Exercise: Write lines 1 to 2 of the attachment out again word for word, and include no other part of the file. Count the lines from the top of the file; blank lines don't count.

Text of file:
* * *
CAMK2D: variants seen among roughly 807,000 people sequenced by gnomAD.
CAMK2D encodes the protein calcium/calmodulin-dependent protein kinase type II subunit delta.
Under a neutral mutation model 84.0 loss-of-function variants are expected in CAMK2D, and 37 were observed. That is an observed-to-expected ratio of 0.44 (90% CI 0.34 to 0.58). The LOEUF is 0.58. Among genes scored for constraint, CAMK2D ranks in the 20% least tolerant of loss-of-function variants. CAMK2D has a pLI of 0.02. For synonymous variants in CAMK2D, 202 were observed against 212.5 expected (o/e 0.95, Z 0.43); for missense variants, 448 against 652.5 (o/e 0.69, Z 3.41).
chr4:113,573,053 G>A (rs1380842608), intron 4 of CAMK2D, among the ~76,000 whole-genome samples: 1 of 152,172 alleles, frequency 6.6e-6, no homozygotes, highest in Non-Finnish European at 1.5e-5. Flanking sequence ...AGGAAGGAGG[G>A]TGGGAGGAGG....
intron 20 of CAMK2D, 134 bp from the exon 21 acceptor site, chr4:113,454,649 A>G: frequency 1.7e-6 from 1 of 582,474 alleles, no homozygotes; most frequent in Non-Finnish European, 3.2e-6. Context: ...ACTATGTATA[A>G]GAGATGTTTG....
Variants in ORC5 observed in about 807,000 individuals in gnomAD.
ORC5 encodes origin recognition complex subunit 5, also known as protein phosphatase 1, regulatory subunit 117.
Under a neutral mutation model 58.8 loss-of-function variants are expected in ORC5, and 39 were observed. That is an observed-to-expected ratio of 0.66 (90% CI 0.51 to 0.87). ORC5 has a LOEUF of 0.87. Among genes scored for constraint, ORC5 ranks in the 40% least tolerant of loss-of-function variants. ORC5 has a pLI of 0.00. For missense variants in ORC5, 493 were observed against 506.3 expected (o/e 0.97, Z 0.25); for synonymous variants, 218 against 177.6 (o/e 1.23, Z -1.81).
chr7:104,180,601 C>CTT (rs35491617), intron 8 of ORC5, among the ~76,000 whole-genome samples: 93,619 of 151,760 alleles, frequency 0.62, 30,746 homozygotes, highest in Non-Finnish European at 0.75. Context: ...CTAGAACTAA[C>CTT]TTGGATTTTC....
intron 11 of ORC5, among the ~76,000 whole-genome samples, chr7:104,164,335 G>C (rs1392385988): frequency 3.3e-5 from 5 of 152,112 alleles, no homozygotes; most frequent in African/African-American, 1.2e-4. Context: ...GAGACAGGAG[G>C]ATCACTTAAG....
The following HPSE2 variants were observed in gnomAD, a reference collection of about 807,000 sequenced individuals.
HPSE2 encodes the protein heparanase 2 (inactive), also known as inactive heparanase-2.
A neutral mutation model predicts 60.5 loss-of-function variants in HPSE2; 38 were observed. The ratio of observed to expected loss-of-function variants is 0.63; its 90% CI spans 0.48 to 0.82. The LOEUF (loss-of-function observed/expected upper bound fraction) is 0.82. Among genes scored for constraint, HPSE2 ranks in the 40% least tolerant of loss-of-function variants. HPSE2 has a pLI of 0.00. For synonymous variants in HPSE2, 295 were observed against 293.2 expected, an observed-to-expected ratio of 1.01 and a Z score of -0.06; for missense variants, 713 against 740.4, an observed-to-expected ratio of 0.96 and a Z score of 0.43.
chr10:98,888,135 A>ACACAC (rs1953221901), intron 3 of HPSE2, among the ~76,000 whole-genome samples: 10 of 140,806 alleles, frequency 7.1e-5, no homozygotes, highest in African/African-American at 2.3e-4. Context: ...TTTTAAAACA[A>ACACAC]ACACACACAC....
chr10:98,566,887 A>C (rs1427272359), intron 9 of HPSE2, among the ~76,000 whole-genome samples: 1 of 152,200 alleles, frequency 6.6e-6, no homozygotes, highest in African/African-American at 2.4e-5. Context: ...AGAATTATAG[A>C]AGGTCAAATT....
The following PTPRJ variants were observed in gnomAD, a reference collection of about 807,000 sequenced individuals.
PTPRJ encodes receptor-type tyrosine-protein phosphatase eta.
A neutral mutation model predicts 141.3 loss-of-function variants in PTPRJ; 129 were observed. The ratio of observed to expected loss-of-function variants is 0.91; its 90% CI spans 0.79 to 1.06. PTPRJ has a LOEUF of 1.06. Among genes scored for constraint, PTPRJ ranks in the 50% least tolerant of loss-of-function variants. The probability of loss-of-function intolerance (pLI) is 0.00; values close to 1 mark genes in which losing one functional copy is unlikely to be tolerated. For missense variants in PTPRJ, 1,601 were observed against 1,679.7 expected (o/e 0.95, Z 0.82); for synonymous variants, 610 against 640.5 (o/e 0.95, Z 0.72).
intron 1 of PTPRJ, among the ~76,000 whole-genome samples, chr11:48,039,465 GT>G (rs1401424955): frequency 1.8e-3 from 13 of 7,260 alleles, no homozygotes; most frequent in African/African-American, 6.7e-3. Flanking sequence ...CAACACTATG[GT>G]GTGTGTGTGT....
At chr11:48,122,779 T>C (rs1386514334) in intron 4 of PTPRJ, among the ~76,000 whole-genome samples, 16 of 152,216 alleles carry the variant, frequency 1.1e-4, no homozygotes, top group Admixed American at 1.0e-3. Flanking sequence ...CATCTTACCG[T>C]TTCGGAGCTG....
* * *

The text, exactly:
CAMK2D: variants seen among roughly 807,000 people sequenced by gnomAD.
CAMK2D encodes the protein calcium/calmodulin-dependent protein kinase type II subunit delta.